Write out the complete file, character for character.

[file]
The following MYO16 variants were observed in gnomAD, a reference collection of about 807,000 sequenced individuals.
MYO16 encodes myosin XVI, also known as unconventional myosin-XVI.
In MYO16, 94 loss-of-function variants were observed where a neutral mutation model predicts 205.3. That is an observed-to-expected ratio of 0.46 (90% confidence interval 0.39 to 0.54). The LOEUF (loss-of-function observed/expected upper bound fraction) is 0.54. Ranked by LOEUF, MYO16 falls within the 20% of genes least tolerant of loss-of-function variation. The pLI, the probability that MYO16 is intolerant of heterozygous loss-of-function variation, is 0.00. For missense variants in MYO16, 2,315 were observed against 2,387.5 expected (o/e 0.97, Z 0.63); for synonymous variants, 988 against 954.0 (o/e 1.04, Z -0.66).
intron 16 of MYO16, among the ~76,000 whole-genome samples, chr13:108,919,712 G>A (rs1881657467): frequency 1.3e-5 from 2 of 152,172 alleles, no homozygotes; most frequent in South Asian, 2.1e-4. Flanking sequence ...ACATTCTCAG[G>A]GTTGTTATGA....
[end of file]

The following MYO16 variants were observed in gnomAD, a reference collection of about 807,000 sequenced individuals.
MYO16 encodes myosin XVI, also known as unconventional myosin-XVI.
In MYO16, 94 loss-of-function variants were observed where a neutral mutation model predicts 205.3. That is an observed-to-expected ratio of 0.46 (90% confidence interval 0.39 to 0.54). The LOEUF (loss-of-function observed/expected upper bound fraction) is 0.54. Ranked by LOEUF, MYO16 falls within the 20% of genes least tolerant of loss-of-function variation. The pLI, the probability that MYO16 is intolerant of heterozygous loss-of-function variation, is 0.00. For missense variants in MYO16, 2,315 were observed against 2,387.5 expected (o/e 0.97, Z 0.63); for synonymous variants, 988 against 954.0 (o/e 1.04, Z -0.66).
intron 16 of MYO16, among the ~76,000 whole-genome samples, chr13:108,919,712 G>A (rs1881657467): frequency 1.3e-5 from 2 of 152,172 alleles, no homozygotes; most frequent in South Asian, 2.1e-4. Flanking sequence ...ACATTCTCAG[G>A]GTTGTTATGA....